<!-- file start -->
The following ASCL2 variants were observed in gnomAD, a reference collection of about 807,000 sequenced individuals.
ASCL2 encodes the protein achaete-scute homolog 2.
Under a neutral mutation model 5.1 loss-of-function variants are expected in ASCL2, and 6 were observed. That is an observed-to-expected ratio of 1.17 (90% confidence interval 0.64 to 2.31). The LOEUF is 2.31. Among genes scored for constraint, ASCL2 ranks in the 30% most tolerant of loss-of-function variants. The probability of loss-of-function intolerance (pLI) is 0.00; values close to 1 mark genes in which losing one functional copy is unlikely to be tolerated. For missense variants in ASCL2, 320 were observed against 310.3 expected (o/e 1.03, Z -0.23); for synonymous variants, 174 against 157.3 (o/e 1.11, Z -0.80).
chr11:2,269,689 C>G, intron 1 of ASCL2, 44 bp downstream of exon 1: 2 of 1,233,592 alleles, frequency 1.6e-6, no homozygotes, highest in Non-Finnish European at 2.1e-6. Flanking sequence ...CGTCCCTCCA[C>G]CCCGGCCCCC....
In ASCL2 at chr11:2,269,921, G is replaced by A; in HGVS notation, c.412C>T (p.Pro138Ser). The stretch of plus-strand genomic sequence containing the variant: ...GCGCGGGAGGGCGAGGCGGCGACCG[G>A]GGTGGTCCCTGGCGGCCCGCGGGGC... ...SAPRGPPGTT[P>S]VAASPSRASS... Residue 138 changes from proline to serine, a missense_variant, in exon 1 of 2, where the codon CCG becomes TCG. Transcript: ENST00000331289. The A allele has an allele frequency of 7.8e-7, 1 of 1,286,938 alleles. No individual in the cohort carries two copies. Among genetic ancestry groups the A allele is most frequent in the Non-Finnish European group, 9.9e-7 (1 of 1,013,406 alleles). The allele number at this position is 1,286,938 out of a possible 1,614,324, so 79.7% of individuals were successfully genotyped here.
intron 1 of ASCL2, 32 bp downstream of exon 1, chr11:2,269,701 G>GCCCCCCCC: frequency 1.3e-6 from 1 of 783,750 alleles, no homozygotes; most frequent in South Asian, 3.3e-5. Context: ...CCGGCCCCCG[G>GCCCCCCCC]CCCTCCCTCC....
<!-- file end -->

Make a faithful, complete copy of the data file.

The following ASCL2 variants were observed in gnomAD, a reference collection of about 807,000 sequenced individuals.
ASCL2 encodes the protein achaete-scute homolog 2.
Under a neutral mutation model 5.1 loss-of-function variants are expected in ASCL2, and 6 were observed. That is an observed-to-expected ratio of 1.17 (90% confidence interval 0.64 to 2.31). The LOEUF is 2.31. Among genes scored for constraint, ASCL2 ranks in the 30% most tolerant of loss-of-function variants. The probability of loss-of-function intolerance (pLI) is 0.00; values close to 1 mark genes in which losing one functional copy is unlikely to be tolerated. For missense variants in ASCL2, 320 were observed against 310.3 expected (o/e 1.03, Z -0.23); for synonymous variants, 174 against 157.3 (o/e 1.11, Z -0.80).
chr11:2,269,689 C>G, intron 1 of ASCL2, 44 bp downstream of exon 1: 2 of 1,233,592 alleles, frequency 1.6e-6, no homozygotes, highest in Non-Finnish European at 2.1e-6. Flanking sequence ...CGTCCCTCCA[C>G]CCCGGCCCCC....
In ASCL2 at chr11:2,269,921, G is replaced by A; in HGVS notation, c.412C>T (p.Pro138Ser). The stretch of plus-strand genomic sequence containing the variant: ...GCGCGGGAGGGCGAGGCGGCGACCG[G>A]GGTGGTCCCTGGCGGCCCGCGGGGC... ...SAPRGPPGTT[P>S]VAASPSRASS... Residue 138 changes from proline to serine, a missense_variant, in exon 1 of 2, where the codon CCG becomes TCG. Transcript: ENST00000331289. The A allele has an allele frequency of 7.8e-7, 1 of 1,286,938 alleles. No individual in the cohort carries two copies. Among genetic ancestry groups the A allele is most frequent in the Non-Finnish European group, 9.9e-7 (1 of 1,013,406 alleles). The allele number at this position is 1,286,938 out of a possible 1,614,324, so 79.7% of individuals were successfully genotyped here.
intron 1 of ASCL2, 32 bp downstream of exon 1, chr11:2,269,701 G>GCCCCCCCC: frequency 1.3e-6 from 1 of 783,750 alleles, no homozygotes; most frequent in South Asian, 3.3e-5. Context: ...CCGGCCCCCG[G>GCCCCCCCC]CCCTCCCTCC....